A DV offender sent numerous vile messages to his former partner, threatening to assault, rape and kill her.
A DV offender sent numerous vile messages to his former partner, threatening to assault, rape and kill her.

‘He threatened to pour acid on her face, slit her throat’

A MACKAY father of three made vile threats to assault, rape and kill his partner of nine years through a barrage of depraved text messages.

The now 41 year old threatened to "break her ribs, break her fingers one at a time, cut her mouth open, hang her tongue through her neck".

Mackay District Court heard the disgusting behaviour occurred between June and August 2018.

Sometimes he would only contact her once - other days it was numerous times.

The court heard on one day he messaged her 188 times.

In summing up the despicable content of the text messages, Crown prosecutor Steph Gallagher said, "he threatened to assault her, to rape her, to kill her.

"He threatened to assault and kill their children including at times when the children were in his care."

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Ms Gallagher labelled some of the content particularly "despicable" including threatening to "stomp on her guts and kill her".

The court heard on August 23 he told her: "I'm going to cut you from c*** to head, sl*t".

On August 27 "he threatened to pour acid on her face and slit her throat".

Even when he was arrested and taken into custody his appalling abuse continued - he called her on five different days and accused her of cheating on him and threatened to kill her.

"He threatened to cut her throat when he got out of prison," Ms Gallagher said.

The court heard the offending was committed either while he was on bail for other charges or while in custody.

A man threatened to cut his partner’s throat. He pleaded guilty to breaching a domestic violence order.
A man threatened to cut his partner’s throat. He pleaded guilty to breaching a domestic violence order.

The man, who cannot be named for legal reasons, pleaded guilty to nine counts of breaching a domestic violence order.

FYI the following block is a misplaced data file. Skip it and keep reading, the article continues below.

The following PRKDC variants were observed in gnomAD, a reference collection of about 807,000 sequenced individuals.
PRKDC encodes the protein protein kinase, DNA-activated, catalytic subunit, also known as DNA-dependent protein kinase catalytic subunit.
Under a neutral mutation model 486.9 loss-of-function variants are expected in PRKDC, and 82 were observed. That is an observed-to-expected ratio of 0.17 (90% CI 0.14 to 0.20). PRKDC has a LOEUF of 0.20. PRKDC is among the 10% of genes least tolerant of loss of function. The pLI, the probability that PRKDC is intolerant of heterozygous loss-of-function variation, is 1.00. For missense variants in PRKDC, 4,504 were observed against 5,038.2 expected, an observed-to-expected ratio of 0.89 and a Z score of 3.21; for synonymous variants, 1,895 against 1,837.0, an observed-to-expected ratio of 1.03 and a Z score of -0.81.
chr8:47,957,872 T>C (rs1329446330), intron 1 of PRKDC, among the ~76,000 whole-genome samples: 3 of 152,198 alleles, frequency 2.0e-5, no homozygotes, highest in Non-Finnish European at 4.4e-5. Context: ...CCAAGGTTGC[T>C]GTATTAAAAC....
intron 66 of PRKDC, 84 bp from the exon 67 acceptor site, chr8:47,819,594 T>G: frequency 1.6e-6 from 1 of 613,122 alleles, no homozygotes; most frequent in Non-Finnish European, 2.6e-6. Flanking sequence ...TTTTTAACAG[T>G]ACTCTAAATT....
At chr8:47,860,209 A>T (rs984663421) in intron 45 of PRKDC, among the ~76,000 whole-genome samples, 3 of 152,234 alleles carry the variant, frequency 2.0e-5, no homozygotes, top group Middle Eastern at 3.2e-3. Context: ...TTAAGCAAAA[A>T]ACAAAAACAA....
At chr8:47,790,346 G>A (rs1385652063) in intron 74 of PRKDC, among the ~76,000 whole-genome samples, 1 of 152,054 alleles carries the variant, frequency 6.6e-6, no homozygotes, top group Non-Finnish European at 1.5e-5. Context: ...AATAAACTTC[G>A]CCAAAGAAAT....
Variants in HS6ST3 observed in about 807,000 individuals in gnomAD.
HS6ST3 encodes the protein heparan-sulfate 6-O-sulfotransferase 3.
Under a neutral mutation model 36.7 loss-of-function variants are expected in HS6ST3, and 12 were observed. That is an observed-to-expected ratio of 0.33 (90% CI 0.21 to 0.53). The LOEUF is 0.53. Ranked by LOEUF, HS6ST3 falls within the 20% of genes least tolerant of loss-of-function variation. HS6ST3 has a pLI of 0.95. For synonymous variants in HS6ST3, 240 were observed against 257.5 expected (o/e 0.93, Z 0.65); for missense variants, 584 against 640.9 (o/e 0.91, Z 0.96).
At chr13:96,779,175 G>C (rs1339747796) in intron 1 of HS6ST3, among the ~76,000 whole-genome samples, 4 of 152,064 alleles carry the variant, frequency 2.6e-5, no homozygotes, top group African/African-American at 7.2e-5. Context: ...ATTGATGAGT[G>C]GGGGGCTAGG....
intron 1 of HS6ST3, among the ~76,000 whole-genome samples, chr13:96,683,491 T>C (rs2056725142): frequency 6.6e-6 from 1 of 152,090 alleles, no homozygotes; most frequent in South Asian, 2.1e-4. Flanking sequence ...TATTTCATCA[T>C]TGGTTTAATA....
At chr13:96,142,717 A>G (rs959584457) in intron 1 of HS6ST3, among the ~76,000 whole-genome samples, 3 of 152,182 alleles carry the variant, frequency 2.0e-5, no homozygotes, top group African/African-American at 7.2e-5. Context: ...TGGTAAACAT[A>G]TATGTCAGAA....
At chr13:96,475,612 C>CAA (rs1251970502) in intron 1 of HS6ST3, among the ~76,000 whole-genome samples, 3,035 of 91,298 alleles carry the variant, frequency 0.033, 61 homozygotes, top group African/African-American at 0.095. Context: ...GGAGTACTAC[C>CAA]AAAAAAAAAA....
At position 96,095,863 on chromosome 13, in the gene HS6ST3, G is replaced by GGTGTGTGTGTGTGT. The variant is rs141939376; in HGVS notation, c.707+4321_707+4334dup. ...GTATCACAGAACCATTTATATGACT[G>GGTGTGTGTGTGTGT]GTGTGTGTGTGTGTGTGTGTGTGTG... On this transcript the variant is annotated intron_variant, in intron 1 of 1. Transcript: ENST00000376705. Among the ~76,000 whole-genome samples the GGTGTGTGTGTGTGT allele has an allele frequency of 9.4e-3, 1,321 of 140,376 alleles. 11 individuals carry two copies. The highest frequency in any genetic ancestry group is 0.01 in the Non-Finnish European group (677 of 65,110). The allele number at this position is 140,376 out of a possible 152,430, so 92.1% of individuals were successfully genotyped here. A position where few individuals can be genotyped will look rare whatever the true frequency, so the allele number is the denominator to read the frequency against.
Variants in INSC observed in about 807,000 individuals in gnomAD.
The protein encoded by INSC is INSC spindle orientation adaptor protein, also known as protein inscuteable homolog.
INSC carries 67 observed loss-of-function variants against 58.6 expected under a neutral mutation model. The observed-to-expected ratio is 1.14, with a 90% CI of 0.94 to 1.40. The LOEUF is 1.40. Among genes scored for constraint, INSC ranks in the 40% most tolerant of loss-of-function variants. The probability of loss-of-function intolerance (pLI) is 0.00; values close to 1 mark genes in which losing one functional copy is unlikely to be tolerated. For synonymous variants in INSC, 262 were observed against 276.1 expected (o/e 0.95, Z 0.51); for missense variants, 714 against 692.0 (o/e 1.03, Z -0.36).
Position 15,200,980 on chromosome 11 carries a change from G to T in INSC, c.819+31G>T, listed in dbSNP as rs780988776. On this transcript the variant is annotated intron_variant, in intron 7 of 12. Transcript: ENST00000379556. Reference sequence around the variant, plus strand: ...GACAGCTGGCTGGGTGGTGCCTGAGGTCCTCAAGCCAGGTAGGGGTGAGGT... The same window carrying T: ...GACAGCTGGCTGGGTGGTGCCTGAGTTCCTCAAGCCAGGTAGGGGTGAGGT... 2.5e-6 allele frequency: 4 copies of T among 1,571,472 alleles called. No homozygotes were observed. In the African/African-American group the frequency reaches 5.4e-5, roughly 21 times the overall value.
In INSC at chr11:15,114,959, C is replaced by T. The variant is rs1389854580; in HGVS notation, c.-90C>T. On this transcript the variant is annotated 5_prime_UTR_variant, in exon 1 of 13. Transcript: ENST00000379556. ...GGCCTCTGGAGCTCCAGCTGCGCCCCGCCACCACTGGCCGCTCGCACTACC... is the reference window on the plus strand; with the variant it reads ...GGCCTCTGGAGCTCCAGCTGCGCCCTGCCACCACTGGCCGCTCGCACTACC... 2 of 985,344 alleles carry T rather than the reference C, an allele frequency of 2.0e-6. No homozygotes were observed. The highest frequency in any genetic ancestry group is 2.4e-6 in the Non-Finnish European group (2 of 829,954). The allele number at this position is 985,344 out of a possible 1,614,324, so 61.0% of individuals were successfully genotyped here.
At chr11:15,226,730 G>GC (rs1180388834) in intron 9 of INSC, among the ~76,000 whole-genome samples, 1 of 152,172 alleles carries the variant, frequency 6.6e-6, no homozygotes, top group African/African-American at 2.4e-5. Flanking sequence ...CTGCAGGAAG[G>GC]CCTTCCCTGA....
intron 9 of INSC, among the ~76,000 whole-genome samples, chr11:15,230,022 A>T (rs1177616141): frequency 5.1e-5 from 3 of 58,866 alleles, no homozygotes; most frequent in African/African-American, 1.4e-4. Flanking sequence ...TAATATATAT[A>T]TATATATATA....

He also pleaded guilty to one count of failing to take an oath when summonsed to give evidence before the Australian Criminal Intelligence Commission in March last year.

The court heard he had spent 15 months in jail, with four months and one week of that declarable as time already served.

He had been serving time for another matter and was later granted bail on these charges. He has been on bail for the past nine months.

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Defence barrister Matt Heelan said his client, in that time, had been able to maintain some contact with his former partner about their children and "he's been able to do that without getting high on meth and sending explosive and disgusting text messages".

The court heard there was no actual physical violence involved.

Mr Heelan pushed for an immediate release, arguing his client should not be returned to jail because of the progress he had made.

"Ultimately I am unable to accept that submission," Chief Judge Brian Devereaux said.

"You've heard me say that your breaches of the protection order were serious, and indeed they were very serious.

"It's hard to think of a more serious type of such breach short of physical violence."



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Judge Devereaux said he found it was necessary to impose cumulative jail terms for the State and Commonwealth offences that required further time in custody.

"I have to balance that against what on the surface looks like real progress that you have made in the past nine months and the destructive nature of sending you to jail after making progress," he said.

"But it seems to me that that's unavoidable."

The man was jailed for 18 months jail with 127 days declared time already served for the breaches of a domestic violence order. He will be released on parole on October 2 this year.

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"When you think about that you will understand that I am releasing you after serving less than a third of a sentence which I consider to be right at the bottom of the appropriate range for the state charges," Judge Devereaux said.

For the Commonwealth offence, the man was jailed for 12 months, which will begin on October 2 this year. He will then be released after three months on a two-year good behaviour bond.

Convictions were recorded.